#WorldOceansDay
World Oceans Day is 8 June

Youth Making Waves: Baylee Ritter

For 2016, World Oceans Day established a brand new Youth Advisory Council. This new Advisory Council will help expand the reach and impact of World Oceans Day, on June 8th, and year round. Advisory Council members will be instrumental in helping shape the development of World Oceans Day as it grows, providing new and unique perspectives, ideas, and recommendations.

The council is made up of 11 members each coming from 11 different countries. In our latest blog series, "Youth Making Waves," you'll hear directly from council members to learn about their interests in ocean conservation, and how they got involved in the council. 

Baylee Ritter is a freshman at DePaul University in Chicago, Illinois and has been instrumental in establishing several international service-learning programs pertaining to water conservation issues. 

Baylee Ritter

Growing up living on a farm, with an environmental science teacher as a father naturally made me curious about the world around me. With no neighbor children to play with, my parents would send my sister and I outside to the river or grassy field behind our small farm house with the strict instructions to be back before supper time. Although it sounded like my parents just wanted my sister and I to stop terrorizing each other inside the house, their true intention was to ensure both of us had the chance to connect with the natural world around us.  That freedom allowed us to become citizen scientists engaged within our community on our own. Overtime, those endless summer hours spent exploring the natural world made me into the conservationist that I am today.

As I grew older, however, I started to see the human impact on the ecosystems of our world. From the dumping of chemical solutions into drainage ditches to the outright throwing of trash into our local watershed, I was shocked to see something that supported our daily existence being destroyed.

I was furious and knew something had to be done. How could the people of my community not know what they were doing? Couldn’t they see the detrimental effects that their carelessness was having on the sustainability of our environment? It wasn’t until I spoke with my parents about my frustration that I finally began to understand why people in my community were polluting our ecosystem. It was not that they were careless, they just simply weren’t aware of the repercussions of their actions.

After doing a little research, I came to the same conclusion every time. Coming from the Midwest region of the United States, there is not a significant resource near me that is internationally known to be environmentally unsustainable. Clearly I do not live near the Amazon rainforest or the ocean, so I do not see my actions having a direct impact their quality. This makes it is easy for me, and others in my community, to go about our day not thinking of our actions affecting other communities around the world which are in trouble. In short, we are all unaware of the actual damage our actions play in the grand scheme of global conservation. In this simple explanation, I found my call to action and promptly applied to be on the World Oceans Day youth advisory council.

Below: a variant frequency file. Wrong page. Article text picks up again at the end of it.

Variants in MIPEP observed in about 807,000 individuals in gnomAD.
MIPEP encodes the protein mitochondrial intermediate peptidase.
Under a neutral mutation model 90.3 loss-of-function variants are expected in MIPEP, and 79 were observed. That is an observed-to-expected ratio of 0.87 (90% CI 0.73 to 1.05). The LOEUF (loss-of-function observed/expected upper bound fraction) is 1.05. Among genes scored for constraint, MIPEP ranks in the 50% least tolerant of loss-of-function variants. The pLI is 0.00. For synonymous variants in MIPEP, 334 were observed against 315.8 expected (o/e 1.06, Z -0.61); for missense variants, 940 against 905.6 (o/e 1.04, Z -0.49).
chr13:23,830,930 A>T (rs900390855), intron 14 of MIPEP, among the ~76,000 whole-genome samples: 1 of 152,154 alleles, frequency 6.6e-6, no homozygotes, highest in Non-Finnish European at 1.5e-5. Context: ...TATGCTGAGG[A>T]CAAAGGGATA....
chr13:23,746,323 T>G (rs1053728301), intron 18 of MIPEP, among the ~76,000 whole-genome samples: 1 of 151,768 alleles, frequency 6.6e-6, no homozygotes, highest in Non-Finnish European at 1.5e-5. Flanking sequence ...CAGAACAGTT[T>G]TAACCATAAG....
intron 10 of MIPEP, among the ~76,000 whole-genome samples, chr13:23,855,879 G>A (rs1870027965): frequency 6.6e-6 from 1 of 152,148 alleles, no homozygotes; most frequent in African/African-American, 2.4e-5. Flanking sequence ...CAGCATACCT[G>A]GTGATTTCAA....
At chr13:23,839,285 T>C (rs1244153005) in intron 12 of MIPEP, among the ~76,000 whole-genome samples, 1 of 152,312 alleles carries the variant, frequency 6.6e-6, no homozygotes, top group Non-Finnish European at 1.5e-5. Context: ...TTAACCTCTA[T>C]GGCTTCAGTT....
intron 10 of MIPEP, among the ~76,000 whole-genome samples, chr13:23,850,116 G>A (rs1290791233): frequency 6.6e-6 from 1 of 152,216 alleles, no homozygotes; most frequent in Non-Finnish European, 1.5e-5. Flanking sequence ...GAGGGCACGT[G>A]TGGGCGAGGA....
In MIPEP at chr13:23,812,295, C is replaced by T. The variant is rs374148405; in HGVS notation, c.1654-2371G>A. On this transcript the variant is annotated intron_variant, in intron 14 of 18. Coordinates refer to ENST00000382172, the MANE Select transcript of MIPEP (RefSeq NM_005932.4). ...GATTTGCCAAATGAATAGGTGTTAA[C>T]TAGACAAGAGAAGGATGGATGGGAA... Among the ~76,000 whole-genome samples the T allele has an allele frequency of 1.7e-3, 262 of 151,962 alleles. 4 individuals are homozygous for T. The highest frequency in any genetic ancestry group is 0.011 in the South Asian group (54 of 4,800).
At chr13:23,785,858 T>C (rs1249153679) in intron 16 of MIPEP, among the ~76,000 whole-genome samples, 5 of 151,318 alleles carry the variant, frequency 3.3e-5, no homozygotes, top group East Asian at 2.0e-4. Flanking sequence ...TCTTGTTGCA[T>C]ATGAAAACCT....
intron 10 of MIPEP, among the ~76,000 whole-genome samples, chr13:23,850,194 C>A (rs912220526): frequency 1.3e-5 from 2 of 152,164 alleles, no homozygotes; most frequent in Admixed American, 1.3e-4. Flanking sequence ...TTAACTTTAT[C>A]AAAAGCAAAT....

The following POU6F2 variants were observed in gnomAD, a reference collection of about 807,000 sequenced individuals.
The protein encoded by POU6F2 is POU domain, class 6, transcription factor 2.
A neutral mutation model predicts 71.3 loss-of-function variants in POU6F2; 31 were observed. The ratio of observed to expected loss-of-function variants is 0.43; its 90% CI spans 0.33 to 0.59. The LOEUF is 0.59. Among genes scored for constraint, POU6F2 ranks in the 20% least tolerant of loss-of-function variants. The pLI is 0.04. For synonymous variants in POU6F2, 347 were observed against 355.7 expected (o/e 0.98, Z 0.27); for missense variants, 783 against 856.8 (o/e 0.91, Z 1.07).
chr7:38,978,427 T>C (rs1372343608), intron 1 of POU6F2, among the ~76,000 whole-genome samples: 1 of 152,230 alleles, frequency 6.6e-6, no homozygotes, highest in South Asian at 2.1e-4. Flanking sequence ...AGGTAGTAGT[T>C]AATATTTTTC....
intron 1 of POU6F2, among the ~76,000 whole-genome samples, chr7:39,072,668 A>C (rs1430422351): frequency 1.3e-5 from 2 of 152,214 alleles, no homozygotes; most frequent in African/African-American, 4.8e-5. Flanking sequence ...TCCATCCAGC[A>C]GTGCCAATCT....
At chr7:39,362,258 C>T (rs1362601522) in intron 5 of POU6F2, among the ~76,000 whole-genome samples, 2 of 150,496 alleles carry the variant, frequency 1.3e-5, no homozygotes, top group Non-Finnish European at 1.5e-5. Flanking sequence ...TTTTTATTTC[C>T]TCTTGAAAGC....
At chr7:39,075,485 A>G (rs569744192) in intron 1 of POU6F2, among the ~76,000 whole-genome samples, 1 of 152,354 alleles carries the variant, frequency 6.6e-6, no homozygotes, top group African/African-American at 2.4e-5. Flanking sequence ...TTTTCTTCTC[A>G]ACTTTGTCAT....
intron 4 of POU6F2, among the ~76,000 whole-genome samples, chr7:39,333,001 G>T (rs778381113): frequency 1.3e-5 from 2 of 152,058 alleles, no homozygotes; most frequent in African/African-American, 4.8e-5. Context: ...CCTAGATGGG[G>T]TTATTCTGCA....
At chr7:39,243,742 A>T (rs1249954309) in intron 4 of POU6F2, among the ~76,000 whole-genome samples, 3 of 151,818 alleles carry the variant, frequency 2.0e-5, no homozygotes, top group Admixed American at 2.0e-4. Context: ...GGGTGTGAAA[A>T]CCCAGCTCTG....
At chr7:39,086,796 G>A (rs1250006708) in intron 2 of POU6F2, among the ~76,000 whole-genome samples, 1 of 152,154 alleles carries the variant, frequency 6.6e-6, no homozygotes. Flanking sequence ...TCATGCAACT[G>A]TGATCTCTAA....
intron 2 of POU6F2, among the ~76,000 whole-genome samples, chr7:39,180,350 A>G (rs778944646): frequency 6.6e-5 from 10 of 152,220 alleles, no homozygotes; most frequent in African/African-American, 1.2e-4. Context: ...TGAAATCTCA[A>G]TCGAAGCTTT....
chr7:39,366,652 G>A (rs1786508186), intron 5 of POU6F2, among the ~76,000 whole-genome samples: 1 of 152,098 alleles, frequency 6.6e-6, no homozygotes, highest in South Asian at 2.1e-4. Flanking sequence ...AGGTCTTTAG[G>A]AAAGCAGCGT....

My passion and mission towards environmental sustainability has always been focused around water. Growing up with a river in my backyard and reading about the river adventures in The Adventures of Huckleberry Finn, I was entranced by the thought of a tiny body of water leading and connecting into something much larger than itself. I likened it towards myself, being from a small place but eventually traveling and becoming something much larger. Learning quickly through my quest that water was our most precious resource, and yet vastly abused in my community, I brainstormed possible solutions for changing this mindset.

I have been a practicing conservationist my whole life, leading youth in two international service learning projects to change the way that people think about the environment, and have found that the best form of activism truly is education. My call to action on the World Oceans Day Youth Advisory Council is to spread knowledge and education to those who have always taken a hands off approach towards the environment.   I would like to inspire global community action through this board by providing small, yet tangible action items that anyone can do to make a difference.  I want people all over the world to see that the sustainability of the ocean lies in everyone’s hands, not just the ones whose lives it touches on a daily basis. We owe it to our grandchildren, whom will inherit this Earth, to leave this planet better than we found it. My mantra in life is not why me, but try me, and I want to spread this motto around the world with those afraid of grasping the torch of change. 



Baylee Ritter 10-Aug-2016
Coordinated by